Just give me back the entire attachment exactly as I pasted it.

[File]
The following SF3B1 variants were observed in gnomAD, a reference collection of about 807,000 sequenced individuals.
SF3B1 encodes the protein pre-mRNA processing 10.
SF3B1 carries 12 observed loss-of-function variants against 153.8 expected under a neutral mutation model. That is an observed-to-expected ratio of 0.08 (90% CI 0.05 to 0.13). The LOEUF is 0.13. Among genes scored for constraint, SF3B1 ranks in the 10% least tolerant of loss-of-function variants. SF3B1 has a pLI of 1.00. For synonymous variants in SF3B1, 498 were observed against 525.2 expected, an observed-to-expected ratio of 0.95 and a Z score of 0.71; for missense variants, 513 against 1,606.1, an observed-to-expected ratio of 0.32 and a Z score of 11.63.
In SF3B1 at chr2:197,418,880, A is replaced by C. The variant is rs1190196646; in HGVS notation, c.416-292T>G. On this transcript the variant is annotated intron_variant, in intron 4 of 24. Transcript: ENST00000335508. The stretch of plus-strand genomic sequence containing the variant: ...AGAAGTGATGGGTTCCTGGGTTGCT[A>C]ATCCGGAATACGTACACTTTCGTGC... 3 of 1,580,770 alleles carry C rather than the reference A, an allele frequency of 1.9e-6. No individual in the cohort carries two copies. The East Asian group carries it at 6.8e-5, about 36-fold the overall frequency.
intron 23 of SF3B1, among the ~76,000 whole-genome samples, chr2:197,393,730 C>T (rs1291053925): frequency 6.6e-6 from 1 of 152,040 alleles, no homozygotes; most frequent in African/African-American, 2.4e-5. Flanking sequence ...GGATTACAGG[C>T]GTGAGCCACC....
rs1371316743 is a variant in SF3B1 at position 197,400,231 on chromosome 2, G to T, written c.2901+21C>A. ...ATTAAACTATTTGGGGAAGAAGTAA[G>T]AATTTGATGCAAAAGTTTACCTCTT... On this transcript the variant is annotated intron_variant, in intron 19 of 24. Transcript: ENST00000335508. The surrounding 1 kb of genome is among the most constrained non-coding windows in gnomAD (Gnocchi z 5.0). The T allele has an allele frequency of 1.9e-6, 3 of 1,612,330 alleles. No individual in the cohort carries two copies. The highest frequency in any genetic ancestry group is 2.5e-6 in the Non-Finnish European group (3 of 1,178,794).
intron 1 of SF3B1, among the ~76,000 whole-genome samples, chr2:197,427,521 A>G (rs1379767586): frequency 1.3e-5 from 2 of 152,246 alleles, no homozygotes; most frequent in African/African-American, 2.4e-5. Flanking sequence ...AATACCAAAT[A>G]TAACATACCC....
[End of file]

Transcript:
The following SF3B1 variants were observed in gnomAD, a reference collection of about 807,000 sequenced individuals.
SF3B1 encodes the protein pre-mRNA processing 10.
SF3B1 carries 12 observed loss-of-function variants against 153.8 expected under a neutral mutation model. That is an observed-to-expected ratio of 0.08 (90% CI 0.05 to 0.13). The LOEUF is 0.13. Among genes scored for constraint, SF3B1 ranks in the 10% least tolerant of loss-of-function variants. SF3B1 has a pLI of 1.00. For synonymous variants in SF3B1, 498 were observed against 525.2 expected, an observed-to-expected ratio of 0.95 and a Z score of 0.71; for missense variants, 513 against 1,606.1, an observed-to-expected ratio of 0.32 and a Z score of 11.63.
In SF3B1 at chr2:197,418,880, A is replaced by C. The variant is rs1190196646; in HGVS notation, c.416-292T>G. On this transcript the variant is annotated intron_variant, in intron 4 of 24. Transcript: ENST00000335508. The stretch of plus-strand genomic sequence containing the variant: ...AGAAGTGATGGGTTCCTGGGTTGCT[A>C]ATCCGGAATACGTACACTTTCGTGC... 3 of 1,580,770 alleles carry C rather than the reference A, an allele frequency of 1.9e-6. No individual in the cohort carries two copies. The East Asian group carries it at 6.8e-5, about 36-fold the overall frequency.
intron 23 of SF3B1, among the ~76,000 whole-genome samples, chr2:197,393,730 C>T (rs1291053925): frequency 6.6e-6 from 1 of 152,040 alleles, no homozygotes; most frequent in African/African-American, 2.4e-5. Flanking sequence ...GGATTACAGG[C>T]GTGAGCCACC....
rs1371316743 is a variant in SF3B1 at position 197,400,231 on chromosome 2, G to T, written c.2901+21C>A. ...ATTAAACTATTTGGGGAAGAAGTAA[G>T]AATTTGATGCAAAAGTTTACCTCTT... On this transcript the variant is annotated intron_variant, in intron 19 of 24. Transcript: ENST00000335508. The surrounding 1 kb of genome is among the most constrained non-coding windows in gnomAD (Gnocchi z 5.0). The T allele has an allele frequency of 1.9e-6, 3 of 1,612,330 alleles. No individual in the cohort carries two copies. The highest frequency in any genetic ancestry group is 2.5e-6 in the Non-Finnish European group (3 of 1,178,794).
intron 1 of SF3B1, among the ~76,000 whole-genome samples, chr2:197,427,521 A>G (rs1379767586): frequency 1.3e-5 from 2 of 152,246 alleles, no homozygotes; most frequent in African/African-American, 2.4e-5. Flanking sequence ...AATACCAAAT[A>G]TAACATACCC....